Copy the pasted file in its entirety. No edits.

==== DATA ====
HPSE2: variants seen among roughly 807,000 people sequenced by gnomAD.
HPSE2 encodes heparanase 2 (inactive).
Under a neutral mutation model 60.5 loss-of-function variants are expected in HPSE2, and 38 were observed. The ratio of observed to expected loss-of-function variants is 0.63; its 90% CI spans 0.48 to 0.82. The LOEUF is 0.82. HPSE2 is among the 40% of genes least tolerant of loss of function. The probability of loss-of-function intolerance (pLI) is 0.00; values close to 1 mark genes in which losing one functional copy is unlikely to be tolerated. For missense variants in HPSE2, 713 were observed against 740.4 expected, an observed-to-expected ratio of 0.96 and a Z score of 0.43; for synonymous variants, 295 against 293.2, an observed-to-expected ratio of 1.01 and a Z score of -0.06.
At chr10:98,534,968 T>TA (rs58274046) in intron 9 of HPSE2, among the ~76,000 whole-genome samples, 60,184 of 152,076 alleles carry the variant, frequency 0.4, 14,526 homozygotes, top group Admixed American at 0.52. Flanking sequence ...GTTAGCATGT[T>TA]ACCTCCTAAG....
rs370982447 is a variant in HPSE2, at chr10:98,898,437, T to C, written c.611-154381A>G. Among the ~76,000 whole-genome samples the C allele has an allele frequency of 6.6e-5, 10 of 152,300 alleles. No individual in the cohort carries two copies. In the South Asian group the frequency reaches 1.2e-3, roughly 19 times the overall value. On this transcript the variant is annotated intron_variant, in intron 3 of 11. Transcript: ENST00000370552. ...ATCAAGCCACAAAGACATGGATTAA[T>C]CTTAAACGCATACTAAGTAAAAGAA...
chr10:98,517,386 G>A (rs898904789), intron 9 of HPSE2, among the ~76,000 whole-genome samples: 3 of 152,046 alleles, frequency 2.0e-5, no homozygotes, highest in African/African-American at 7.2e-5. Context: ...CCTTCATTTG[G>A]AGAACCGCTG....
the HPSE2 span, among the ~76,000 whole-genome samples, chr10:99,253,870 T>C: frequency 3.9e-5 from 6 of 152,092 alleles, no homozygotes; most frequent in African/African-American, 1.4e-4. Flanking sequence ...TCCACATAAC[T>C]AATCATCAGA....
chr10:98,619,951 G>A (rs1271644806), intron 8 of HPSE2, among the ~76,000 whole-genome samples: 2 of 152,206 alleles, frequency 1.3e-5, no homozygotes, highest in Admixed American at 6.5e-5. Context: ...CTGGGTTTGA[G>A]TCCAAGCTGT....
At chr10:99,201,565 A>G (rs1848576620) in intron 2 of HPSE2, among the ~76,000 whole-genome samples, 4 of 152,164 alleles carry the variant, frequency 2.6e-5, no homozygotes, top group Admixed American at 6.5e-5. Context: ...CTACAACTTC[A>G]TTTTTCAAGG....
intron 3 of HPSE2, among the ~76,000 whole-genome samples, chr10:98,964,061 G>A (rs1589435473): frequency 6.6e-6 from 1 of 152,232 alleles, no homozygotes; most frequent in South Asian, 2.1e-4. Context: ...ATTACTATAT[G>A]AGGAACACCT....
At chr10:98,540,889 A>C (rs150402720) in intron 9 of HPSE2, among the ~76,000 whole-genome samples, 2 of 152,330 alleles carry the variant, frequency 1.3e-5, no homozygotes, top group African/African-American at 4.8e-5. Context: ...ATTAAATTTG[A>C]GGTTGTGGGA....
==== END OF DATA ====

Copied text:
HPSE2: variants seen among roughly 807,000 people sequenced by gnomAD.
HPSE2 encodes heparanase 2 (inactive).
Under a neutral mutation model 60.5 loss-of-function variants are expected in HPSE2, and 38 were observed. The ratio of observed to expected loss-of-function variants is 0.63; its 90% CI spans 0.48 to 0.82. The LOEUF is 0.82. HPSE2 is among the 40% of genes least tolerant of loss of function. The probability of loss-of-function intolerance (pLI) is 0.00; values close to 1 mark genes in which losing one functional copy is unlikely to be tolerated. For missense variants in HPSE2, 713 were observed against 740.4 expected, an observed-to-expected ratio of 0.96 and a Z score of 0.43; for synonymous variants, 295 against 293.2, an observed-to-expected ratio of 1.01 and a Z score of -0.06.
At chr10:98,534,968 T>TA (rs58274046) in intron 9 of HPSE2, among the ~76,000 whole-genome samples, 60,184 of 152,076 alleles carry the variant, frequency 0.4, 14,526 homozygotes, top group Admixed American at 0.52. Flanking sequence ...GTTAGCATGT[T>TA]ACCTCCTAAG....
rs370982447 is a variant in HPSE2, at chr10:98,898,437, T to C, written c.611-154381A>G. Among the ~76,000 whole-genome samples the C allele has an allele frequency of 6.6e-5, 10 of 152,300 alleles. No individual in the cohort carries two copies. In the South Asian group the frequency reaches 1.2e-3, roughly 19 times the overall value. On this transcript the variant is annotated intron_variant, in intron 3 of 11. Transcript: ENST00000370552. ...ATCAAGCCACAAAGACATGGATTAA[T>C]CTTAAACGCATACTAAGTAAAAGAA...
chr10:98,517,386 G>A (rs898904789), intron 9 of HPSE2, among the ~76,000 whole-genome samples: 3 of 152,046 alleles, frequency 2.0e-5, no homozygotes, highest in African/African-American at 7.2e-5. Context: ...CCTTCATTTG[G>A]AGAACCGCTG....
the HPSE2 span, among the ~76,000 whole-genome samples, chr10:99,253,870 T>C: frequency 3.9e-5 from 6 of 152,092 alleles, no homozygotes; most frequent in African/African-American, 1.4e-4. Flanking sequence ...TCCACATAAC[T>C]AATCATCAGA....
chr10:98,619,951 G>A (rs1271644806), intron 8 of HPSE2, among the ~76,000 whole-genome samples: 2 of 152,206 alleles, frequency 1.3e-5, no homozygotes, highest in Admixed American at 6.5e-5. Context: ...CTGGGTTTGA[G>A]TCCAAGCTGT....
At chr10:99,201,565 A>G (rs1848576620) in intron 2 of HPSE2, among the ~76,000 whole-genome samples, 4 of 152,164 alleles carry the variant, frequency 2.6e-5, no homozygotes, top group Admixed American at 6.5e-5. Context: ...CTACAACTTC[A>G]TTTTTCAAGG....
intron 3 of HPSE2, among the ~76,000 whole-genome samples, chr10:98,964,061 G>A (rs1589435473): frequency 6.6e-6 from 1 of 152,232 alleles, no homozygotes; most frequent in South Asian, 2.1e-4. Context: ...ATTACTATAT[G>A]AGGAACACCT....
At chr10:98,540,889 A>C (rs150402720) in intron 9 of HPSE2, among the ~76,000 whole-genome samples, 2 of 152,330 alleles carry the variant, frequency 1.3e-5, no homozygotes, top group African/African-American at 4.8e-5. Context: ...ATTAAATTTG[A>C]GGTTGTGGGA....